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The year without a K-12 law

Published (6/1/2010)
By Kris Berggren
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Discord over an alternative teacher licensure pathway endorsed by the governor, many Republicans and some DFLers helped kill an omnibus K-12 bill, as well as the possibility of a federal grant that could have brought scarce new funds to Minnesota schools.

Of four omnibus education bills compiled this year, none landed on the governor’s desk, each dead-ended for various procedural and political reasons.

The House passed one of them, HF3833, May 11 after voting down an amendment that would have included the controversial licensure provision.

The provision, originally sponsored by Rep. Carlos Mariani (DFL-St. Paul), chairman of the House K-12 Education Policy and Oversight Committee, would have allowed limited two-year licensure for Teach for America members and others who meet certain criteria. They could have been placed in certain school districts to meet specific needs. However, other DFLers and the state teachers’ union, Education Minnesota, said it lacked requirements for adequate student teaching experience and close supervision by a licensed teacher.

“Unfortunately, it was the teachers’ union who threw the sand in the gears and blocked reform from happening,” said Rep. Pat Garofalo (R-Farmington), by “bullying” enough DFL members into voting no.

Garofalo praised Mariani and Rep. Mindy Greiling (DFL-Roseville), chairwoman of the House K-12 Education Finance Division, for their leadership on policy reforms. He said that if the proposal and other reforms had passed, he could have asked his colleagues to support “a reasonable compromise” on a proposed temporary extension on school operating levies, also in the bill.

The proposal would have given school boards authority through June 30, 2016, to renew expiring levy referendum without putting the question to voters. It included a reverse referendum.

Greiling said that proposal was supported by most education groups, who saw it as a needed strategy to maintain fiscal stability as the state dips further into school revenue to help balance its budget.

Because the Senate did not take up HF3833, or sponsor a companion, it died.

Race to the Top hopes over

Greiling called this “the worst year we’ve ever had for education.” While schools were spared cuts, policy reforms that could have helped Minnesota win a federal Race to the Top grant and others offering budget relief for school districts were left on the table, as was the funding reform plan Greiling proposed, known as the “New Minnesota Miracle.”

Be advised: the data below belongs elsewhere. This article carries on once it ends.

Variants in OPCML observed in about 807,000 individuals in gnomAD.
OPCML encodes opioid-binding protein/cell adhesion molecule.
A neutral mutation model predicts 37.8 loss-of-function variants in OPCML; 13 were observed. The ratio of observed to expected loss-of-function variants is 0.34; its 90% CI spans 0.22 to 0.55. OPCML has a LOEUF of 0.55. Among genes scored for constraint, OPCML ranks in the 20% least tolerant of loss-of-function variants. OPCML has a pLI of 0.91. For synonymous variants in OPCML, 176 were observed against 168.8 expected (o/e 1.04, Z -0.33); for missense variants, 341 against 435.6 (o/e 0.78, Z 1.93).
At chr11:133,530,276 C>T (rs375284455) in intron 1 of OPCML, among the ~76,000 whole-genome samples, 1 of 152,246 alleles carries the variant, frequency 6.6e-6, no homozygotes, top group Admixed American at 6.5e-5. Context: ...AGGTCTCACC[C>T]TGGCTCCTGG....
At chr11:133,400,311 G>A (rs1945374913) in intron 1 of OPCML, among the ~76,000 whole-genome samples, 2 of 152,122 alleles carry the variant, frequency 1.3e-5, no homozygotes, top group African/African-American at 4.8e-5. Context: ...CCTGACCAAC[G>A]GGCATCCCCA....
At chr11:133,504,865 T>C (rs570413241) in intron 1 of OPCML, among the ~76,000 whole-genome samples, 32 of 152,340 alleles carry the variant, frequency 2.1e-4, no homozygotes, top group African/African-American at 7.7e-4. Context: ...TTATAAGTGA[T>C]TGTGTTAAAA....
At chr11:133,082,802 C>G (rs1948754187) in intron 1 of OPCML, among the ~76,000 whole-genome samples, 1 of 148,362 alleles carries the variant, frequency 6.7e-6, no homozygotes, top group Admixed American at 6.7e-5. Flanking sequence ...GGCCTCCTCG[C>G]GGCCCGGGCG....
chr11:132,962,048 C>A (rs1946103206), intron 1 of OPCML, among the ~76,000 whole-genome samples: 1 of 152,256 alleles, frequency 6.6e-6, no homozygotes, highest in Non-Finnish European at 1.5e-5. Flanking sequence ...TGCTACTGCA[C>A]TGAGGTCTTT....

Reforms in the bill included annual teacher and principal evaluations, alternative licensure for mid-career changers, stronger teacher licensing requirements and an end-of-course algebra examination that could lead to new accountability measures.

Without policy reforms in place, Gov. Tim Pawlenty announced May 19 he won’t re-apply for the grant, which could have been worth as much as $175 million.

Losing out on the grant is one thing, but schools’ problems are going to get worse before they get better. Accounting shifts delaying state aid payments to schools up to 30 percent in the next biennium became law.

What got left behind

Left behind were several strategies Greiling hoped would give school districts strategies to maintain fiscal stability.

One proposal would have smoothed bureaucratic snags that left $8 million of special education reimbursement by Medicaid and Medicare uncollected by school districts last year. It would have made it easier to bill the third-party payers by streamlining required consent forms.

School districts would have gained easier access to health and safety revenue through reductions in red tape involved in applying for the revenue.

An idea to hire a quasi-independent analyst to monitor school trust lands activities, based on a successful model that has grown Utah’s school fund to $1 billion, won’t happen this year.

A few accomplishments made

A few provisions survived as parts of other laws or stand-alone laws:

• Metro Deaf School-Minnesota North Star Academy, a St. Paul charter school, likely would have folded without legislative authorization in HF3329, sponsored by Greiling, for the Education Department to accelerate its reimbursement for special education services;

• statewide physical education standards, plus other voluntary measures promoting children’s health and fitness, are part of a health care law signed May 25 by the governor; and

• a proposed repeal of the statute that led to $416 million of short-term lending by school districts to the state this spring was modified, becoming a provision in the supplemental budget law. The state may now tap those schools for cash flow help, but no longer must do so before seeking other loans.

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